shows a strong linear correlation between the temperature
reading and the output voltage. The readout range of 104 V
(T = 14.7C) after one thermal cycle corresponds to a
thermal elastic strain of 15.1 or a force of 13 N. This
temperature effect of 7 V/C (1.2 /N) will be compensated
in the software.
Table 1: Sources of error
Analysed error sources
1

Power supply stability

Cabling and grounding

Measurement system

Influence of humidity

Influence of air pressure

Temperature gradients

Active noise sources

Other environmental influences

Fig. 7 Long duration stability test, Sensor 1

Fig. 6 Temperature influence

As the sensors will be used during the whole life cycle of


the experiment it was necessary to prove their long term
stability. The first long duration tests have shown a correlated
drift in the four measured probes. In order to optimize and
reduce this source of error, a time-consuming signal noise and
drift analyses were required. The analysed sources of error are
listed in Table 1. The power supply input voltage variation
was approximately 1mV which corresponds to an absolute
sensor error of 1 V. Analyses of humidity and air pressure
influences showed no correlation with the signal drift.

Fig. 8 Readout voltage, Sensor 2, F = 0 N

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MEASUREMENT SCIENCE REVIEW, Volume 8, Section 3, No. 2, 2008

4 DISCUSSION AND CONCLUSION


Using strain gauges is a standard method. It has been
shown that the development of a highly sensitive sensor
system for special applications like the ALICE beampipe
monitoring demands a careful selection of components. In
order to limit the multiple scattering of particles on their way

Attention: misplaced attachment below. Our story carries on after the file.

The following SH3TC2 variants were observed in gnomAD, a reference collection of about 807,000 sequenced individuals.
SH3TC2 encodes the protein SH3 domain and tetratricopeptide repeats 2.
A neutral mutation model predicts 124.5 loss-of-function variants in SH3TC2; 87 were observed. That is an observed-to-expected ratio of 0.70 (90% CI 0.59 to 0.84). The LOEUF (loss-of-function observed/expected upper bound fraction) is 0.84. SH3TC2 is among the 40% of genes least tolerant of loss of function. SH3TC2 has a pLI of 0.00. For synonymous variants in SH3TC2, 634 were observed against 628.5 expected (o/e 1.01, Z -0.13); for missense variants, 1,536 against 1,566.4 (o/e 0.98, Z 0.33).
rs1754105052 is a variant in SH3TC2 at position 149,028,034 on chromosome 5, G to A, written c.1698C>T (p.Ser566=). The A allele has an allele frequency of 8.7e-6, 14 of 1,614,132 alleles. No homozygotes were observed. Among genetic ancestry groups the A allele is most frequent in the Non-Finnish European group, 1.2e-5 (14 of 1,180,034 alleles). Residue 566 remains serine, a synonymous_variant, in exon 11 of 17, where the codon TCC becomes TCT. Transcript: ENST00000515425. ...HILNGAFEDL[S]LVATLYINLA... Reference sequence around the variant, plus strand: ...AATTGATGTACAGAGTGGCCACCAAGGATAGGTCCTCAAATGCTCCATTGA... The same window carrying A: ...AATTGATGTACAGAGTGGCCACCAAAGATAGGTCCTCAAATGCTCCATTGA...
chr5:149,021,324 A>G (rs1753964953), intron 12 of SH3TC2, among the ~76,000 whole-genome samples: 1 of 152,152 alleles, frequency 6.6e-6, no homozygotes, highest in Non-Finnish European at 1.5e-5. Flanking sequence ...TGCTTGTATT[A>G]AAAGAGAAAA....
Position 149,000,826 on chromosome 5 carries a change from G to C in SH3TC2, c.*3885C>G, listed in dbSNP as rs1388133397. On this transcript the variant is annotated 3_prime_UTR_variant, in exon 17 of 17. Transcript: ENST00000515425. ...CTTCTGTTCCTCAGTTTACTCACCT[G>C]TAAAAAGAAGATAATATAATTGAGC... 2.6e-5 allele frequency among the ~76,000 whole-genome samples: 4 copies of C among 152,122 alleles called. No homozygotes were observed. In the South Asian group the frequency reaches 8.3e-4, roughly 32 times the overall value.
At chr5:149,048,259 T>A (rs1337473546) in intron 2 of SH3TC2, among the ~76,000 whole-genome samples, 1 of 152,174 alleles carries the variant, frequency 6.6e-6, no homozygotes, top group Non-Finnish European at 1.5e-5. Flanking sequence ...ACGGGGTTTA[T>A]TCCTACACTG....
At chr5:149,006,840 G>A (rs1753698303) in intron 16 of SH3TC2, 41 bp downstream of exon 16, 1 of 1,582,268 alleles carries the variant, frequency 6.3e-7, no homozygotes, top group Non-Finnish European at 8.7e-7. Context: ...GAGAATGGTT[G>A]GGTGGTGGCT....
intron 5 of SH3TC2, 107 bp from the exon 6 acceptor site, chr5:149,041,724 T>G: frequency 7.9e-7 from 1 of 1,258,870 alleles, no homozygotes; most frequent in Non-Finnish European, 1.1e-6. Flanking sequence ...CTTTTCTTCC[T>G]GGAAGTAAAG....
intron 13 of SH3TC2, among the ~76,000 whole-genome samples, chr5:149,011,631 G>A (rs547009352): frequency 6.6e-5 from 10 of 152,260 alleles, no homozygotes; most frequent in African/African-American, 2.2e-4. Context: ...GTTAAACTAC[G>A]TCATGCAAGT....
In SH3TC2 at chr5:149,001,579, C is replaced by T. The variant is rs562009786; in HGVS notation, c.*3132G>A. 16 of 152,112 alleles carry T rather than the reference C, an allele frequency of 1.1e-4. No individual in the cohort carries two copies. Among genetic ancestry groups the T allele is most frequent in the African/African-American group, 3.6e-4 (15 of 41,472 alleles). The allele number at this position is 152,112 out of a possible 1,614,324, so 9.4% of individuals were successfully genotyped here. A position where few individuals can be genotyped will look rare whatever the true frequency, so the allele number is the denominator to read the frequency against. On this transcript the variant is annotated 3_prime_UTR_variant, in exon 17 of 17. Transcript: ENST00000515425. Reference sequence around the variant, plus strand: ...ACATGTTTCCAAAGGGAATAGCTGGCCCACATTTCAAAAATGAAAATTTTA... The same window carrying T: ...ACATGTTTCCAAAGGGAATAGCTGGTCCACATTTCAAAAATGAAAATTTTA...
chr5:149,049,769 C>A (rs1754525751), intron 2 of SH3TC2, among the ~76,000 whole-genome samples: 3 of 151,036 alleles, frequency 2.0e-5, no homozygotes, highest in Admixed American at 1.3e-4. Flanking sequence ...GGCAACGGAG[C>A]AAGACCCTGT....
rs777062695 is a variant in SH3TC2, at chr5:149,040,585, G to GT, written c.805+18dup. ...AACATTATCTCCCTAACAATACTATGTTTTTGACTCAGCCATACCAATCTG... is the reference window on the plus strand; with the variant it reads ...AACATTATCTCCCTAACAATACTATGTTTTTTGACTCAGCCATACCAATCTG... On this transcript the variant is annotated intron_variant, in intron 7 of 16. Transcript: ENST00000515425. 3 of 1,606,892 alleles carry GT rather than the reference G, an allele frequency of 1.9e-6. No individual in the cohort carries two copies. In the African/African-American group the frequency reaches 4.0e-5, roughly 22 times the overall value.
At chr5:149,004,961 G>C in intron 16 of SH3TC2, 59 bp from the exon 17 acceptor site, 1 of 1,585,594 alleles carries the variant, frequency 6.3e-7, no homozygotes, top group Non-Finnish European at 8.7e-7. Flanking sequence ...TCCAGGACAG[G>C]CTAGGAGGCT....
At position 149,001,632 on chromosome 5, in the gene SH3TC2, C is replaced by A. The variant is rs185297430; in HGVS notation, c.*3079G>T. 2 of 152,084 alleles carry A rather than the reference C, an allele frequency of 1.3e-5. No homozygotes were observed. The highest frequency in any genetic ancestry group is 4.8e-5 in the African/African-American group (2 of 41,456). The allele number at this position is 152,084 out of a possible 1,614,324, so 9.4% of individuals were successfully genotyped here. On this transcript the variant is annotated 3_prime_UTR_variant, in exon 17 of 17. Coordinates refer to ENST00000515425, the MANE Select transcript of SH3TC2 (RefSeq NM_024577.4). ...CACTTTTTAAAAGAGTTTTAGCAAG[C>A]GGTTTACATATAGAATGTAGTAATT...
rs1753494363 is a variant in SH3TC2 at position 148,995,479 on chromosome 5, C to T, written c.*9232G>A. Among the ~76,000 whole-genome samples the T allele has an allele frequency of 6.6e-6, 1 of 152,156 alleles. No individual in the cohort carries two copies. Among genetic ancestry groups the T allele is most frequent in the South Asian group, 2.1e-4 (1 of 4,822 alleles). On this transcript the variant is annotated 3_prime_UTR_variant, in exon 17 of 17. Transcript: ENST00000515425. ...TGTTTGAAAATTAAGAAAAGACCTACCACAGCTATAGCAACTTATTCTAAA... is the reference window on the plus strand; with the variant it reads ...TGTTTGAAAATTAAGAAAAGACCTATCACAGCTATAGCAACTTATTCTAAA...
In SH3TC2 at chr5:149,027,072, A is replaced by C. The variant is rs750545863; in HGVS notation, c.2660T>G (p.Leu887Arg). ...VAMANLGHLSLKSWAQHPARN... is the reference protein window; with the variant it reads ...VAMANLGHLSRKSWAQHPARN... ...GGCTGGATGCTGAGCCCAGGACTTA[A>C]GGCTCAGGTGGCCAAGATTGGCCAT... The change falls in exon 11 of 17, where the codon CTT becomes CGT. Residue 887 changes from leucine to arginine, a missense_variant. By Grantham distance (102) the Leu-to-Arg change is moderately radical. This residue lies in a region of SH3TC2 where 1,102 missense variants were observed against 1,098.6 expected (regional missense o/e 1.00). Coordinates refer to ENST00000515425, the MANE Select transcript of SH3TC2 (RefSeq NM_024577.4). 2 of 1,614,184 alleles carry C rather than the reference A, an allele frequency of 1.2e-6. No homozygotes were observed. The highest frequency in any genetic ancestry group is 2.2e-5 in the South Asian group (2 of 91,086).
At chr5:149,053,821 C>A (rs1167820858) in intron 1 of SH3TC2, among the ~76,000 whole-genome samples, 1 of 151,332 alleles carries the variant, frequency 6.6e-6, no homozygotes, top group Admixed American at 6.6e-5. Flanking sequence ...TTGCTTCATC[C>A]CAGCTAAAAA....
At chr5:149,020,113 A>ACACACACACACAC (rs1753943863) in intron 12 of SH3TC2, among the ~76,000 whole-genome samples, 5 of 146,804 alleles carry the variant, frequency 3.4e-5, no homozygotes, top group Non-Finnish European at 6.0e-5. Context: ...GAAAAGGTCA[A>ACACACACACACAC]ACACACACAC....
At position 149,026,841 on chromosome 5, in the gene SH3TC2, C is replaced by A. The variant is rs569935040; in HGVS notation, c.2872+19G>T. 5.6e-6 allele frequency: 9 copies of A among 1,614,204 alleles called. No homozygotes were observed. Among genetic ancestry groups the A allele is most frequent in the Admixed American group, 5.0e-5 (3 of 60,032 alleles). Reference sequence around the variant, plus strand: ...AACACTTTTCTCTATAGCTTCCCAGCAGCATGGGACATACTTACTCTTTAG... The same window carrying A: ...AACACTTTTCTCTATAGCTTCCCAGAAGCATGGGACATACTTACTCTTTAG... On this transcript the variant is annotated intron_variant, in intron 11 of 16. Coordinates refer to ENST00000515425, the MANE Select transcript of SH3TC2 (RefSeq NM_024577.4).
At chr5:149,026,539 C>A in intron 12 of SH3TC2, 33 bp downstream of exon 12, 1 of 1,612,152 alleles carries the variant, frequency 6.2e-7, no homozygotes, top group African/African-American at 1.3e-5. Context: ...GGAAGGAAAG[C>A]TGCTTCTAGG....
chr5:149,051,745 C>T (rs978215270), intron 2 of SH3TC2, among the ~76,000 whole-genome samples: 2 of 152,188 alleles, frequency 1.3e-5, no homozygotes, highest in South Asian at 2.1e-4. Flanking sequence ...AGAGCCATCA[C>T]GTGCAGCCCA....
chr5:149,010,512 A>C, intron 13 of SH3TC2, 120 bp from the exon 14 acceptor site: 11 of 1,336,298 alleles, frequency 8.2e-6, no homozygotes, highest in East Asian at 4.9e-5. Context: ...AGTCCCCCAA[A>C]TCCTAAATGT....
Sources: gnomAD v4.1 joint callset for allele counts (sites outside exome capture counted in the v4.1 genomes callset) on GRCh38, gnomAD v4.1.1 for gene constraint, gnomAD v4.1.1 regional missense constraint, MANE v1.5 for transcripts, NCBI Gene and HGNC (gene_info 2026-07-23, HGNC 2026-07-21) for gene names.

from the interaction point to the detector small sensor size was
one of the most important criteria. Special environmental
conditions preclude industrial solutions. In order to achieve
the required long duration stability, it was necessary to reduce
the amount of noise and drift effects. This has been achieved
by careful grounding and shielding. This results in an
absolute system resolution of better than 1 N.

[5]

Tallman, C.R. (1972, January). Review and status of


radiation effects studies on strain gages. New Mexico:
Los Alamos Scientific Laboratory. (LA-DC--72-1344;
CONF-721012--2)
[6] Lackner, F., Riegler, W., Kopetz, H., Osanna, P. H.
(2006). A novel solution for various monitoring
applications at CERN. Measurement Science Review
6(3), 27-31.
[7] Cook, J. R., Thomas, J. (2005, February). ELMB128
documentation. CERN, Geneva. Retrieved March 15,
2007, from http://elmb.web.cern.ch/ELMB/elmb.html
[8] VISHAY (2005, January). Strain gauge thermal output
and gage factor variation with temperature. Technical
note (Tech Note TN-504-1, Document Number: 11054)
[9] VISHAY, Strain gauge guide. Type 032UW. Retrieved
January 30, 2007, from
http://www.vishay.com/brands/measurements_group/gu
ide/500/gages/032uw.htm
[10] VISHAY, Strain gauge measurement technology.
Formulas and Tables. Retrieved January 9, 2007, from
http://www.vishay.com/strain-gages/knowledge-baselist/technotes-list/
[11] VISHAY (2005, January). Noise control in strain gage
measurements. Technical note (Tech Note TN-501-2,
Document Number: 11051)

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[2]

[3]
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ALICE Collaboration (2003, March). Technical design


report.
Retrieved
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12,
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fixation, deformation mini-review. In Presentation in
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CERN (2004, December). Large hadron collider
project general information. Retrieved June 20, 2006,
from http://lhc.web.cern.ch/lhc/general/gen_info.htm